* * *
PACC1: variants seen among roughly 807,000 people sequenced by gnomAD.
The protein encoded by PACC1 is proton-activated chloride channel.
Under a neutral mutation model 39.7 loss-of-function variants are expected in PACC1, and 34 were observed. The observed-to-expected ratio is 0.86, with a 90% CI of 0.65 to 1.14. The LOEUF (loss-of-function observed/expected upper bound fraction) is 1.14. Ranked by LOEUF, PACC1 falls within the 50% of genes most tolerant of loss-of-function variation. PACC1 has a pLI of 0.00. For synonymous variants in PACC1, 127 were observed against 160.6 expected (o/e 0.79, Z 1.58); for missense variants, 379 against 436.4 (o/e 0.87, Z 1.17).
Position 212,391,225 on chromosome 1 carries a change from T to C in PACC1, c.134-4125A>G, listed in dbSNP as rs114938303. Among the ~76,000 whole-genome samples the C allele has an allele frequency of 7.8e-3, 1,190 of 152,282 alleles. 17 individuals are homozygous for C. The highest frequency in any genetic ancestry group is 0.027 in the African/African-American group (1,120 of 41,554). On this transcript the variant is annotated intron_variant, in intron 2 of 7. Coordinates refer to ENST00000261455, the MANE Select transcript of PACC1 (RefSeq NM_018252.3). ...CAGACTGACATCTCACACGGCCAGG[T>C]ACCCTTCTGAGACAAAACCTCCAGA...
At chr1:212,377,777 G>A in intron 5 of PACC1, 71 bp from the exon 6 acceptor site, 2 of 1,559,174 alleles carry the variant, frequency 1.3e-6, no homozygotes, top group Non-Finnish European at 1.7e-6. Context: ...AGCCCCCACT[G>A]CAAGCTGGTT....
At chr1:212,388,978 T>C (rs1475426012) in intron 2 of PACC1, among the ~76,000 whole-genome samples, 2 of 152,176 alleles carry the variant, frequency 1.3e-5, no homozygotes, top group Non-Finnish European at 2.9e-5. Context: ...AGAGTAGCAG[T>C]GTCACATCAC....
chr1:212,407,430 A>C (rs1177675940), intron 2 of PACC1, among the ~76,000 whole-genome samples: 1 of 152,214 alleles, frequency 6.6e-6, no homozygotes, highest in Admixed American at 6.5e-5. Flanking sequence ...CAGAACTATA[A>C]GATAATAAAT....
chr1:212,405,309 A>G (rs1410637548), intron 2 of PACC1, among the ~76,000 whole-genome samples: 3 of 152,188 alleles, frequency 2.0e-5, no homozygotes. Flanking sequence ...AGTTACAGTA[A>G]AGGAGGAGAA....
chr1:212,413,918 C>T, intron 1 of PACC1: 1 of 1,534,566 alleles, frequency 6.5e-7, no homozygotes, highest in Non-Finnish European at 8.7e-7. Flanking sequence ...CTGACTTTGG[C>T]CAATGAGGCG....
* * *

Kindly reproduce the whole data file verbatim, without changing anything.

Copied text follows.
PACC1: variants seen among roughly 807,000 people sequenced by gnomAD.
The protein encoded by PACC1 is proton-activated chloride channel.
Under a neutral mutation model 39.7 loss-of-function variants are expected in PACC1, and 34 were observed. The observed-to-expected ratio is 0.86, with a 90% CI of 0.65 to 1.14. The LOEUF (loss-of-function observed/expected upper bound fraction) is 1.14. Ranked by LOEUF, PACC1 falls within the 50% of genes most tolerant of loss-of-function variation. PACC1 has a pLI of 0.00. For synonymous variants in PACC1, 127 were observed against 160.6 expected (o/e 0.79, Z 1.58); for missense variants, 379 against 436.4 (o/e 0.87, Z 1.17).
Position 212,391,225 on chromosome 1 carries a change from T to C in PACC1, c.134-4125A>G, listed in dbSNP as rs114938303. Among the ~76,000 whole-genome samples the C allele has an allele frequency of 7.8e-3, 1,190 of 152,282 alleles. 17 individuals are homozygous for C. The highest frequency in any genetic ancestry group is 0.027 in the African/African-American group (1,120 of 41,554). On this transcript the variant is annotated intron_variant, in intron 2 of 7. Coordinates refer to ENST00000261455, the MANE Select transcript of PACC1 (RefSeq NM_018252.3). ...CAGACTGACATCTCACACGGCCAGG[T>C]ACCCTTCTGAGACAAAACCTCCAGA...
At chr1:212,377,777 G>A in intron 5 of PACC1, 71 bp from the exon 6 acceptor site, 2 of 1,559,174 alleles carry the variant, frequency 1.3e-6, no homozygotes, top group Non-Finnish European at 1.7e-6. Context: ...AGCCCCCACT[G>A]CAAGCTGGTT....
At chr1:212,388,978 T>C (rs1475426012) in intron 2 of PACC1, among the ~76,000 whole-genome samples, 2 of 152,176 alleles carry the variant, frequency 1.3e-5, no homozygotes, top group Non-Finnish European at 2.9e-5. Context: ...AGAGTAGCAG[T>C]GTCACATCAC....
chr1:212,407,430 A>C (rs1177675940), intron 2 of PACC1, among the ~76,000 whole-genome samples: 1 of 152,214 alleles, frequency 6.6e-6, no homozygotes, highest in Admixed American at 6.5e-5. Flanking sequence ...CAGAACTATA[A>C]GATAATAAAT....
chr1:212,405,309 A>G (rs1410637548), intron 2 of PACC1, among the ~76,000 whole-genome samples: 3 of 152,188 alleles, frequency 2.0e-5, no homozygotes. Flanking sequence ...AGTTACAGTA[A>G]AGGAGGAGAA....
chr1:212,413,918 C>T, intron 1 of PACC1: 1 of 1,534,566 alleles, frequency 6.5e-7, no homozygotes, highest in Non-Finnish European at 8.7e-7. Flanking sequence ...CTGACTTTGG[C>T]CAATGAGGCG....